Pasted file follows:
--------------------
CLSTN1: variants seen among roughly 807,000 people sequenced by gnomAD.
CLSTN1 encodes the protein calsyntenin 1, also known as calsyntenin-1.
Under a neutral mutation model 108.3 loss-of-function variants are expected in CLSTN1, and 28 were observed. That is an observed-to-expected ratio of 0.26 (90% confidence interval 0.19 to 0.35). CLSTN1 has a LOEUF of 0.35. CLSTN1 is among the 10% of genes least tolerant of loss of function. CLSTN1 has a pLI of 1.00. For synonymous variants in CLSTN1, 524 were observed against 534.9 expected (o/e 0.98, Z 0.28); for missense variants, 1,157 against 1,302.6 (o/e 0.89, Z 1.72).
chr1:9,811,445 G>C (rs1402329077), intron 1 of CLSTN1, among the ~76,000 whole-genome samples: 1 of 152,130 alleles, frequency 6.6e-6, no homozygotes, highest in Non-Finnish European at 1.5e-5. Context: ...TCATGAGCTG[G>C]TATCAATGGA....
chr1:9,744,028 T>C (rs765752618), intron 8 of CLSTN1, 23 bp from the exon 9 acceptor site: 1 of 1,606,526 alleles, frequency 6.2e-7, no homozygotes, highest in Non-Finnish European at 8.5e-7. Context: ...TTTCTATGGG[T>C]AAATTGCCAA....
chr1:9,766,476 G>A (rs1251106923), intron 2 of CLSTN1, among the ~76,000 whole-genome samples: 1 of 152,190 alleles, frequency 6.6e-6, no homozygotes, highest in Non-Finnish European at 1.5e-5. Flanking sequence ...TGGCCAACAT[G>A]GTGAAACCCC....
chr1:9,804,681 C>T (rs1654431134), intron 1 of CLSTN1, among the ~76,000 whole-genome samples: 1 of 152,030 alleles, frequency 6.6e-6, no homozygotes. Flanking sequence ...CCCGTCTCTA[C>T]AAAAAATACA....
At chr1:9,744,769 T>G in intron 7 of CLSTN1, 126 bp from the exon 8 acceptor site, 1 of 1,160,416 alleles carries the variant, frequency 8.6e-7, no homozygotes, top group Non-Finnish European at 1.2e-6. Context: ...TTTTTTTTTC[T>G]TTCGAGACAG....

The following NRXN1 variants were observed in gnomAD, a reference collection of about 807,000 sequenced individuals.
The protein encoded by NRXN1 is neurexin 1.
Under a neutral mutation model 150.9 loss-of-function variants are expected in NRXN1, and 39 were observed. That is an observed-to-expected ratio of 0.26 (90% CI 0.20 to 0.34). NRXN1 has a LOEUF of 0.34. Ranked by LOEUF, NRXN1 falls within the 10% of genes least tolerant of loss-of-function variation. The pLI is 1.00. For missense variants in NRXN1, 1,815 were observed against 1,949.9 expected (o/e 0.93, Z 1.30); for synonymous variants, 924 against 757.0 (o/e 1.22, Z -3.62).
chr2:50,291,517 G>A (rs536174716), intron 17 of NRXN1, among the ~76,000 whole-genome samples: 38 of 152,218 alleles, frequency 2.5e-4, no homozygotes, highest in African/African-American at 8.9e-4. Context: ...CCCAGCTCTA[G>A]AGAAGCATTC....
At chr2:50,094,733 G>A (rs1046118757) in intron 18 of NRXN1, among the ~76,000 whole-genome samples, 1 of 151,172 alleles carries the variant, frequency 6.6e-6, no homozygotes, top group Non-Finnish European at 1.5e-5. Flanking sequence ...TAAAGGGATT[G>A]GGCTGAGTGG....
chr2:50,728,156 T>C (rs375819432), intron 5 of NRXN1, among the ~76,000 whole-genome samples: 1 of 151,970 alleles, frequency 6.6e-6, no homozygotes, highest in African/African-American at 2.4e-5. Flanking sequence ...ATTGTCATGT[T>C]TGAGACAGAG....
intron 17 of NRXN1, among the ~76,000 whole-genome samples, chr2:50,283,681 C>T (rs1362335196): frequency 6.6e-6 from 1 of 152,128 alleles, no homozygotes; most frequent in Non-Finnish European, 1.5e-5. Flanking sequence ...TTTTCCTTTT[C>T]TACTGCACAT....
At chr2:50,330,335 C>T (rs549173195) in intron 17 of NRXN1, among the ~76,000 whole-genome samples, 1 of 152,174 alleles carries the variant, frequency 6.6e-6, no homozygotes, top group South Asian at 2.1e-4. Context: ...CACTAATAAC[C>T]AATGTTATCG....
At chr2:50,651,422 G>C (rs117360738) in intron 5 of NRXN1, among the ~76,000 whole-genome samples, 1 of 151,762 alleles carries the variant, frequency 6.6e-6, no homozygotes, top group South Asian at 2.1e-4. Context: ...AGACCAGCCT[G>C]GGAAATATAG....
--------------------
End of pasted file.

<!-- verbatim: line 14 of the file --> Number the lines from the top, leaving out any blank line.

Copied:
chr2:50,728,156 T>C (rs375819432), intron 5 of NRXN1, among the ~76,000 whole-genome samples: 1 of 151,970 alleles, frequency 6.6e-6, no homozygotes, highest in African/African-American at 2.4e-5. Flanking sequence ...ATTGTCATGT[T>C]TGAGACAGAG....